Our 8th annual Performance Measurement, Attribution & Risk conference was held last week in Jersey City, NJ. And while Jersey City might not seem like a “dream location” for a conference, the Hyatt turned out to be a superb venue. From our conference room we could see the Manhattan skyline and the Statue of Liberty. On the second day many of the attendees chose to eat their lunch outside, taking in the warm weather and the delightful views.
The event also provided a great venue for the sharing of insights, information and ideas. Risk was a major theme throughout the event. With the market continuous volatility and recent downturn, ways to wrap our arms around risk remain an important topic.
For me, two of the highlights came from conversations I had with a couple attendees. One, a verifier for a “big four” firm, acknowledged his frustration with GIPS(R) (Global Investment Performance Standards) firms that conduct remote verifications. He is a reader of our blog and voiced support for my stand opposing this practice. The second, a quite knowledgeable industry veteran, voiced opposition to the heightened attention examinations are receiving. And while some believe these audits are of value, many of us see little relation to the GIPS standards. It’s gratifying to hear support for ones ideas from others in such a candid fashion.
Speaking of GIPS, Jonathan Boersma, Executive Director of GIPS at the CFA Institute Centre for Financial Market Integrity and member of the GIPS Executive Committee, delivered a presentation on the upcoming changes (GIPS 2010). We could have allowed an hour for Q&A and still would have needed more time, no doubt.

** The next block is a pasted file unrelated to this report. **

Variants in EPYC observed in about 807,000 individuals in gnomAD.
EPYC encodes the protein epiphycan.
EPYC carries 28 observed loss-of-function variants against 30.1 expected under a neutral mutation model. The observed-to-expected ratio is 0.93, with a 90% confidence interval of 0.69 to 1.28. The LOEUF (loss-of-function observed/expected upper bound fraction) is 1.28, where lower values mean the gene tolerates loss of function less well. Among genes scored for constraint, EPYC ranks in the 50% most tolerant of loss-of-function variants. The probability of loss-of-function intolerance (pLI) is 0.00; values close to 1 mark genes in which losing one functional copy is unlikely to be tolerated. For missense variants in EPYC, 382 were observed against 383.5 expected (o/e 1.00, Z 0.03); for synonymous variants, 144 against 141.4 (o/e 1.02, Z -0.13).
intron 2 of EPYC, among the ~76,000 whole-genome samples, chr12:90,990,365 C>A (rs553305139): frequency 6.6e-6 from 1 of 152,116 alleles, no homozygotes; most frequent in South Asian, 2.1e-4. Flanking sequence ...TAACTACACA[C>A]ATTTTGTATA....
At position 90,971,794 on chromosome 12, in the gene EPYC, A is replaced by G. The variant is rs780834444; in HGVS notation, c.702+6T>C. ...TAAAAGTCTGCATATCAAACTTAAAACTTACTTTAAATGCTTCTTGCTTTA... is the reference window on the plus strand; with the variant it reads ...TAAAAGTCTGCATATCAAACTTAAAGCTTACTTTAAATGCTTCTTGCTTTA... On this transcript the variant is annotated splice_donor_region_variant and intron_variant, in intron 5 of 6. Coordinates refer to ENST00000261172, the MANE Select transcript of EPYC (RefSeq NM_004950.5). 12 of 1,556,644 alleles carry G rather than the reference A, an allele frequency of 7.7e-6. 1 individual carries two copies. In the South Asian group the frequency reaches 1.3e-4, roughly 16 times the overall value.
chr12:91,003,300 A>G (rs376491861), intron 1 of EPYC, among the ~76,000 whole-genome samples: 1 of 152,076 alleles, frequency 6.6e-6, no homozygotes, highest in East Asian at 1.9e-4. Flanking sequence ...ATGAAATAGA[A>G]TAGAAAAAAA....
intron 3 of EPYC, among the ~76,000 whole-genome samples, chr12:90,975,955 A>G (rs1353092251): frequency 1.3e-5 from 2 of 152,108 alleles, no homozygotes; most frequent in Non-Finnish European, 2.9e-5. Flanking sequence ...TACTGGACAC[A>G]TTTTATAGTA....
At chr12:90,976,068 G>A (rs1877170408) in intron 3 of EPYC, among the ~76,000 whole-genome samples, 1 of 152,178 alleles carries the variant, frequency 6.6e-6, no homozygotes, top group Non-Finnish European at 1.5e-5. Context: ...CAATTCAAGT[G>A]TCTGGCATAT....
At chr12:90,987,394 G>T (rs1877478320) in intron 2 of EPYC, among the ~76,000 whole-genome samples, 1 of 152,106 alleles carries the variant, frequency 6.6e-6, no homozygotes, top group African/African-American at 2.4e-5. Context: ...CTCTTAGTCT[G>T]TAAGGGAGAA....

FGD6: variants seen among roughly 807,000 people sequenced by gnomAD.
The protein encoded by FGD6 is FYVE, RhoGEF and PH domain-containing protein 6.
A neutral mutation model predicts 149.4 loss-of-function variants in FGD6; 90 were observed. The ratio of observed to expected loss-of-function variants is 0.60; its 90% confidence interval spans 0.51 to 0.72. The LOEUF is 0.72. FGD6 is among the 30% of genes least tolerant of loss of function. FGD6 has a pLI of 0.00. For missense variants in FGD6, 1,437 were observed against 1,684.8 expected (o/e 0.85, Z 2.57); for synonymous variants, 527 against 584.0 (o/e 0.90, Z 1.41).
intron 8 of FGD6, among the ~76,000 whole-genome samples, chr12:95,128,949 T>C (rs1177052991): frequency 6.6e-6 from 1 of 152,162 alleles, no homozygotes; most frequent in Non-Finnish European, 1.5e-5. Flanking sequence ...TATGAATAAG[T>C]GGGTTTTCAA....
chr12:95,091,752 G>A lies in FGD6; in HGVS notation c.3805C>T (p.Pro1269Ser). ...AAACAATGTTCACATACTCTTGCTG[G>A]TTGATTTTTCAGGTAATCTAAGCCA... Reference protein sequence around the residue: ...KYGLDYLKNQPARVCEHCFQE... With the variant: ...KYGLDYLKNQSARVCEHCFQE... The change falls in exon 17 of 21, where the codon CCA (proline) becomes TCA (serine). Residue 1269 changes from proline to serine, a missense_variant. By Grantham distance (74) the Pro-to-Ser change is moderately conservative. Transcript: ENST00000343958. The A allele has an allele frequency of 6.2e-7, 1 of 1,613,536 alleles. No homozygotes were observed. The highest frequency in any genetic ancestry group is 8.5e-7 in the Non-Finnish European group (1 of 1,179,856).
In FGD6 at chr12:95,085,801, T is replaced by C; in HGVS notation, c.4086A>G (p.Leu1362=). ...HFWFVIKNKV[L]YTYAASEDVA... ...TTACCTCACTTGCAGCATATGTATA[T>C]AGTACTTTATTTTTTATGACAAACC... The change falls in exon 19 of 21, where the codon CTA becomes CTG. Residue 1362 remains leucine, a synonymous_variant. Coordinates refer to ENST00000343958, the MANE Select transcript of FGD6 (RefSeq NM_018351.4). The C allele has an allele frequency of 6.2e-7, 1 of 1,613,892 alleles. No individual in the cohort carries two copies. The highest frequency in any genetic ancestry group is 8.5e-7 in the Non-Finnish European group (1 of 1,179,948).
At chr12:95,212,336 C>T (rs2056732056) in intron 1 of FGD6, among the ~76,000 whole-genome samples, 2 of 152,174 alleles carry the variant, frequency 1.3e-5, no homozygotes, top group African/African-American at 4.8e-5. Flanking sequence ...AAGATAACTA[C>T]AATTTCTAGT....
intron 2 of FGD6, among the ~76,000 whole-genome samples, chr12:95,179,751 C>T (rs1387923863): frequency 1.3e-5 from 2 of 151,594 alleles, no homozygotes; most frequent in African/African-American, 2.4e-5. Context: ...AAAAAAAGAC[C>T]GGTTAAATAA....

As always, we had a handful of new speakers as well as several PMAR veterans. We welcomed back David Tittsworth of the Investment Adviser Association, who provided us with our regular session on regulatory matters. We’ve been fortunate that every time we’ve had this topic, we’ve enjoyed a speaker who is both a skilled orator as well as one who interjects humor into their presentations.
Kyle Ringrose delivered a challenging talk, in that he was the late Damien Laker’s stand-in for the keynote address. Damien won the 2009 Dietz Award; each year the recipient is given the opportunity to give a keynote address at PMAR, in order to share their ideas from their winning article. Obviously, Damien couldn’t make it and so we called upon Kyle, a colleague of Damien’s.
On June 8-9 we will hold our first PMAR conference in Europe. At this event Carl Bacon will take on the task of delivering the keynote address on behalf of Damien. For Carl, that will no doubt be easier than his other chore, which will be to debate me on money vs. time-weighting at our Battle Royale! We are expecting a very good crowd for this inaugural event and are looking forward to crossing the pond to join them for this program.